He said he knew more patients using it, but they do not mainly depend on it such as autism and PKU patients. The patients complained for Al-Asqalani that they are deprived of most of the meals made of wheat flour. “The Israeli and Italian gluten-free flour is made to meet the desire of the patients eating foods from Italian and Israeli cuisines, not the Arabic cuisine,” he said.
“Therefore, in 2010, I started the second stage of my research,” Al-Asqalani said. “I planned to produce gluten-free flour that is usable to for making all kinds of meals and bakeries made of the normal wheat flour in order to meet the desires of the patients who want to eat different kinds of meals like healthy people.”
Started from zero
The major challenge that faced Al-Asqalani was working at his home and paying for his researches from his own bucket. “Despite the huge demand for this flour, but no individuals, organisations or government have funded the researches which are expensive,” he said.
However, he started the second stage of his research to produce flour usable for all kinds of meals and bakeries. He refused to reveal much detail about the basic material, but he reiterated that they are licensed for human use.
“Using a number of gluten-free food material in addition to licensed E-Number Additives, I produced the new gluten-free flour, which is usable for all kinds of meals and bakeries made of the normal wheat flour with the same flavours,” Al-Asqalani, who hold PhD in Chemistry.
“Researches led to the production of the final outcome of this flour took five years,” Al-Asqalani said. “The new product was tested by the Saudi Food and Medicine Centre and the Egyptian National Centre for Food Researches,” he said, “both centres approved the product.”
Al-Asqalani is satisfied with the outcomes of his research because he offered a solution for thousands of patients in need for this product, not only in Gaza or the Arab countries, but also in the whole world.
After producing the successful product, getting production licenses from international organisations and getting acknowledgement from the patients themselves, Al-Asqalani hope to put the product into commercial lines.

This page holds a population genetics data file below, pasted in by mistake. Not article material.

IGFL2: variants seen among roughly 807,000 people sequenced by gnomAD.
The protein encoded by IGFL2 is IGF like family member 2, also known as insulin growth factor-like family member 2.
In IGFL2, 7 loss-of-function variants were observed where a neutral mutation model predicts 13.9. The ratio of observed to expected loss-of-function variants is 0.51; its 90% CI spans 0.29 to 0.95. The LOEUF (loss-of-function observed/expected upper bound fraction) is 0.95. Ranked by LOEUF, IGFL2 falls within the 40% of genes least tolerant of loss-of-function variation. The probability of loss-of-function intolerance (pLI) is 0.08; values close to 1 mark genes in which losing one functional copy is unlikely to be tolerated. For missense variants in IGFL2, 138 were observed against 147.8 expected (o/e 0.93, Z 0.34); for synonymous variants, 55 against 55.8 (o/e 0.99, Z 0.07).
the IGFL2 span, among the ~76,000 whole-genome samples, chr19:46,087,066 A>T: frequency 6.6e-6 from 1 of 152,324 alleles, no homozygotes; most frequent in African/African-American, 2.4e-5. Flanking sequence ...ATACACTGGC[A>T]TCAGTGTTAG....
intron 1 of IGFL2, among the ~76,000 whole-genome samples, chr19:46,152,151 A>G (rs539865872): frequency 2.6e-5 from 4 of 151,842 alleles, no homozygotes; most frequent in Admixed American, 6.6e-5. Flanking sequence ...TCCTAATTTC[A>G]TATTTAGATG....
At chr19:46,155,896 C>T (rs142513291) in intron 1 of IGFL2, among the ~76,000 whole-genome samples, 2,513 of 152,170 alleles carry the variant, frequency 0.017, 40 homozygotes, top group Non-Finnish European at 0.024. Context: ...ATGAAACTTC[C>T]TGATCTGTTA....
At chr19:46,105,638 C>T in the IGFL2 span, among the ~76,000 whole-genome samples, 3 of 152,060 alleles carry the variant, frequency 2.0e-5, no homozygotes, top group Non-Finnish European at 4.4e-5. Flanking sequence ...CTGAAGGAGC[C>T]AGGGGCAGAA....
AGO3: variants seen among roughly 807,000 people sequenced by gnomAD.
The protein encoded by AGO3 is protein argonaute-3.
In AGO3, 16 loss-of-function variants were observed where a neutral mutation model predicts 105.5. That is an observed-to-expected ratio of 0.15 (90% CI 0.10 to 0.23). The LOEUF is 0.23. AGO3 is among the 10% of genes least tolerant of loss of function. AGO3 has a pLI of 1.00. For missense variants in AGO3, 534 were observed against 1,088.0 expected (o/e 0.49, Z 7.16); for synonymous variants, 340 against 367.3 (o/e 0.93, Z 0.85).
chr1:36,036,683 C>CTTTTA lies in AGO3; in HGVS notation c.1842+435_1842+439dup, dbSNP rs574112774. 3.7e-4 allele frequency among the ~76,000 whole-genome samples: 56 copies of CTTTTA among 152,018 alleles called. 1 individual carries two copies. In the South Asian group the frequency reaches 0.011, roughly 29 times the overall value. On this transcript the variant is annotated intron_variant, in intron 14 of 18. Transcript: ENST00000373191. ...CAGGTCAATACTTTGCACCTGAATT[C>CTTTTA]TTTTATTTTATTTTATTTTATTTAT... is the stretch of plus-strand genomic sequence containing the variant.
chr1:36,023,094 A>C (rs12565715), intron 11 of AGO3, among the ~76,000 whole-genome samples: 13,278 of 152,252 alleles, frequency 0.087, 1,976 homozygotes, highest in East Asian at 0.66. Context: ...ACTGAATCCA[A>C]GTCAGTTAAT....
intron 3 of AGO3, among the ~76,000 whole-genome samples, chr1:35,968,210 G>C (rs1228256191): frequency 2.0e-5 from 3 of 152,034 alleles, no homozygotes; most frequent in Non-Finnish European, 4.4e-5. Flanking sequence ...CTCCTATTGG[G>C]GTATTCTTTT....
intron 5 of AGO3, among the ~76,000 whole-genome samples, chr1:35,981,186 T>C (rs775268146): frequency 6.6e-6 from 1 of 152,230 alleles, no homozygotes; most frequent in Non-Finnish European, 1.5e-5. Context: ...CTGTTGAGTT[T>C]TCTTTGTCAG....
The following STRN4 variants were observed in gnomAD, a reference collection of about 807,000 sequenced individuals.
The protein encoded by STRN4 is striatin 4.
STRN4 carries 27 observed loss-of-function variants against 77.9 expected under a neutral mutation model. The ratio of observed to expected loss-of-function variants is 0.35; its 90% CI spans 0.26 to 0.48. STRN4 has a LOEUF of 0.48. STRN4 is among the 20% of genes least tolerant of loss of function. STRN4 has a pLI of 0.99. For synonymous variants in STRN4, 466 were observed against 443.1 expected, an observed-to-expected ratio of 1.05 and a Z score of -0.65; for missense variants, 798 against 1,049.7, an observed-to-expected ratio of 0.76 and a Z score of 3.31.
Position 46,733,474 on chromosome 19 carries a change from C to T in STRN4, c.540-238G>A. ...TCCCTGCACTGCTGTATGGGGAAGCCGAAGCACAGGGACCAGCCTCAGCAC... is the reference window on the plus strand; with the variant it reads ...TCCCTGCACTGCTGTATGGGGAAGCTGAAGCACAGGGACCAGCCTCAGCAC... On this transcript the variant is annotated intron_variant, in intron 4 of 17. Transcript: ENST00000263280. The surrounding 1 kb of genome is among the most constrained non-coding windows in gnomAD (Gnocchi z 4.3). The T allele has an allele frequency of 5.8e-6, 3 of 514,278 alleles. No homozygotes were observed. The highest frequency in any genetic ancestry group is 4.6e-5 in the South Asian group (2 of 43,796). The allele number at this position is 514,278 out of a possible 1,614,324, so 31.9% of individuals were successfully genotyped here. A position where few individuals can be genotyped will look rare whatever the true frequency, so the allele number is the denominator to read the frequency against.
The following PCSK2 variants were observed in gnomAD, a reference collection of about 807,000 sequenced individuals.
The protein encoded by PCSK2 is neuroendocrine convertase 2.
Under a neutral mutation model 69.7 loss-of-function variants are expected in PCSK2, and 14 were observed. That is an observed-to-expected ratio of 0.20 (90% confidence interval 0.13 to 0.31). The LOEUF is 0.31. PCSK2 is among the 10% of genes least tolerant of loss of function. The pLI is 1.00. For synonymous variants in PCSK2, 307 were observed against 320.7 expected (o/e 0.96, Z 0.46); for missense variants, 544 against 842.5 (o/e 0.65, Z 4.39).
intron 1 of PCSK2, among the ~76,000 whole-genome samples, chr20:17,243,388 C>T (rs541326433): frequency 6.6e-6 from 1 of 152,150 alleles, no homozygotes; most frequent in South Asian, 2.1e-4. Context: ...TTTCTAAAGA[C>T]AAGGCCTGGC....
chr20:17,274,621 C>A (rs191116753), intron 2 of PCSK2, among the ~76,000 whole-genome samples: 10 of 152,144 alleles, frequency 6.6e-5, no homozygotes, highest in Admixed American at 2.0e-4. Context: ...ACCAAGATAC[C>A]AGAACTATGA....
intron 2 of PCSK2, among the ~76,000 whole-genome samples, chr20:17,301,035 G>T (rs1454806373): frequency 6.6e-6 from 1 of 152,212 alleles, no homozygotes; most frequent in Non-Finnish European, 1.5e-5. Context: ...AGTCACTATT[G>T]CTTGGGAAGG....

“I received several offers to set up factories in different Arab countries such as Saudi Arabia, where there are more than 400,000 patients in need for this flour, the UAE, Egypt and Jordan,” he said. “But because of the Israeli siege, I am unable to move to any of these countries.”
In Gaza, where there are around 5,000 celiac, autism and PKU patients, Al-Asqalani said that he is able to go on a commercial production line for his product, but said: “I look at this product throughout a humanitarian aspect. However, it is not prevented here, but I cannot persuade myself to make profits from the people’s suffering.”
Under Israeli fire
Despite his ratified success and huge need and demand on his product, Al-Asqalani is still looking for people to adopt his project pay for setting up a reliable factory to produce amounts enough for all the patients in Gaza and, if possible, in other countries. Al-Israa University in Gaza afforded a simple lab for Al-Asqalani only at the beginning of this year, when it opened.
“Ingredients are easily to be afforded and production is very cheap,” he said. “Gazans are still dependent on the Italian and the Israeli products, however, lab tests showed that my product is more reliable.”
One Kg of Al-Asqalani gluten-free flour costs only NIS6 ($1.5) and one of the Israeli or Italian gluten-free flour costs NIS60 ($15).
During the time when he was developing his flour, Al-Asqalani could also produce gluten-free milk, which is essential for PKU patients, too. “I could achieve these imaginative products while living under Israeli siege and fire,” he concluded.